An Appreciation: Father's faith, focus on education served family well

On February 12, 2009, an extremely amazing man left his family and this world due to complications resulting from a blood clot and subsequent stroke. He was my father, a person whom I loved, respected and cherished dearly. He was a family man, a person who greatly believed in education and most importantly a man of God. Rest in peace dad, I’ll continue to hope, aspire and act in a fashion that can result in me being at least half of the man that you were.
Louis L. Auguste (“Vilaire” to those that knew him, “Hilaire” to those who knew him well) was a man of extreme integrity, love, wisdom kindness and dignity. Born in Jeremie, Haiti to Simeon Auguste and Clairezilla Jean-Charles on June 30, 1927, he completed his primary education at Ecole Des Freres and later traveled to Anse-a-Veau to complete his secondary education. It was there that he developed a keen interest in carpentry and he would subsequently travel to Haiti’s capital of Port-Au-Prince and obtain a certificate in Carpentry from Damien.
You see before finding the Lord, and meeting the woman of his dreams, carpentry was his first love. After a variety of odd jobs working at different casket making companies, he began a 20 year career as a woodsman for The Department of Commerce in Haiti. Sounds like a pretty great life, however a couple of key things were missing.
While he did grow up in the church serving as an altar boy or enfant’d ceur at Eglise St. Louis, my dad didn’t personally accept Christ as his savior until the summer of 1963 at Temple Adventist after countless hours of debate with a great man by the name of Gaston Simon. Frere Simon was the one that got my dad to convert and become a Seventh- Day Adventist. From then on, he fully committed himself to the church and more specifically the work of personnel ministries (or Laiques).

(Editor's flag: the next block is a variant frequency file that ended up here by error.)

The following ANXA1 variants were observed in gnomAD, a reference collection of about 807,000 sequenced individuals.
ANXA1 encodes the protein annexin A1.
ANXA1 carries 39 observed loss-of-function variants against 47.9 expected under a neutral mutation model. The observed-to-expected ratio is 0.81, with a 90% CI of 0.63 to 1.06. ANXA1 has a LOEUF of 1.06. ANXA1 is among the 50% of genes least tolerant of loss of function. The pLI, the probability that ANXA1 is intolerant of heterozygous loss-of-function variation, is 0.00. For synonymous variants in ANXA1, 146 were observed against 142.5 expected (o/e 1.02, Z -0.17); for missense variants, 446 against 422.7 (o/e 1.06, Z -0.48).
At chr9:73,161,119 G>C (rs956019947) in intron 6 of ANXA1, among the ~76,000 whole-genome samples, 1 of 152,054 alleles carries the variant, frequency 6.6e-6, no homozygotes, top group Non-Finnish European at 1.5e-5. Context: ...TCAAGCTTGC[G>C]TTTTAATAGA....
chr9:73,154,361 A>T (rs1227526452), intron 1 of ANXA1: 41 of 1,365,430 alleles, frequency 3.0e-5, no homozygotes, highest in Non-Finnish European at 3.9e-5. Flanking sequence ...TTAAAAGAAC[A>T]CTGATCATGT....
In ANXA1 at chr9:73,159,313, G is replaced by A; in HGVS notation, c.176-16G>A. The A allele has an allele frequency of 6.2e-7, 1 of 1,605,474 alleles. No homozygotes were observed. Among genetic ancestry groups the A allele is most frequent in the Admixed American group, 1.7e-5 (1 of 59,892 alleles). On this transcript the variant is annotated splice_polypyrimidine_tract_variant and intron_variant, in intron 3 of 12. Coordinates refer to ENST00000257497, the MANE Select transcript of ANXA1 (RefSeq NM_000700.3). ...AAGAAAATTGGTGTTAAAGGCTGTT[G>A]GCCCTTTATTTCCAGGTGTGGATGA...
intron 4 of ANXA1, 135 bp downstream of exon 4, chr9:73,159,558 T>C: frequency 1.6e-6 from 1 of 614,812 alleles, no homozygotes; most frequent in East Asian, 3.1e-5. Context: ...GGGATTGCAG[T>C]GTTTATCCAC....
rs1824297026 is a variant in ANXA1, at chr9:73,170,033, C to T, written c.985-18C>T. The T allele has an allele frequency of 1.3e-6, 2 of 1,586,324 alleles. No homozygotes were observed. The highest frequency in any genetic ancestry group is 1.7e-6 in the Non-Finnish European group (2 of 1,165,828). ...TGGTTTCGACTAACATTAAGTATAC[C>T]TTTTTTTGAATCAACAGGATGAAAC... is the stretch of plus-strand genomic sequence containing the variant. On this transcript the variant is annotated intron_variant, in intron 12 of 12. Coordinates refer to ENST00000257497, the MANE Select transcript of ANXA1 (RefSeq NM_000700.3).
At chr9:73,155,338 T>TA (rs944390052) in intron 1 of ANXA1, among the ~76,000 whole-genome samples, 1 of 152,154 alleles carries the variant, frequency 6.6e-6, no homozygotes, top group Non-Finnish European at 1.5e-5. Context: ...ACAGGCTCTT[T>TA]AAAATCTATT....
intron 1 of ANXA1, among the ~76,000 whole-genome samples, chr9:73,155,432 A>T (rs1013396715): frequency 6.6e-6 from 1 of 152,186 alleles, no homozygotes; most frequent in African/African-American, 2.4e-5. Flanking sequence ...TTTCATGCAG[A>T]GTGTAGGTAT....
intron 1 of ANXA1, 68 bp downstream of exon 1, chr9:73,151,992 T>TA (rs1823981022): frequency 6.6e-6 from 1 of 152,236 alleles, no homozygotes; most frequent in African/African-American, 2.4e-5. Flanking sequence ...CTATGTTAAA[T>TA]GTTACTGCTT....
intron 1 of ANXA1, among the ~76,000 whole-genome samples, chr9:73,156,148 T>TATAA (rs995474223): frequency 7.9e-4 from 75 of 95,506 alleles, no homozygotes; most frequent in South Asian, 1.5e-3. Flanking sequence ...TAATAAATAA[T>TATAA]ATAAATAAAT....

This work would turn to serve him greatly for in 1966 he noticed a beautiful young lady taking part in the personnel ministries prayer groups. He obviously grew fond of her and asked her to join his prayer group. One afternoon while on their way to visit the sick, this woman took ill having suffered an asthma attack. He stayed back to care for her and as we say in the American culture, “the rest is history”.
Her name was Virginie Maumus (my mom). They would eventually fall in love and on April 9, 1970 they got married. Later on that month he left for the United States to begin the groundwork on being a stable provider for his household. He would spend nine lonely months in the states before she arrived, but it was worth it. He spent many nights sharing apartments with friends and moving from place to place. He even took English classes at the Jeremiah E. Burke High School, he searched hard for a job and finally found one at The New England Casket Company where he saved enough for 1st and last month rent on an apartment and finally he was ready.
On January 1971 she arrived. Five years later Sadia, Richard and I joined the party. Life in the Auguste household was a rich and fruitful one. I don’t mean to say rich in terms of financial wealth but rather rich in philosophy and purpose. Dictated by my dad, there were two main purposes in life: God and education. He would constantly repeat throughout the years, “I may not leave you much, but I’m leaving you two things, God and education.”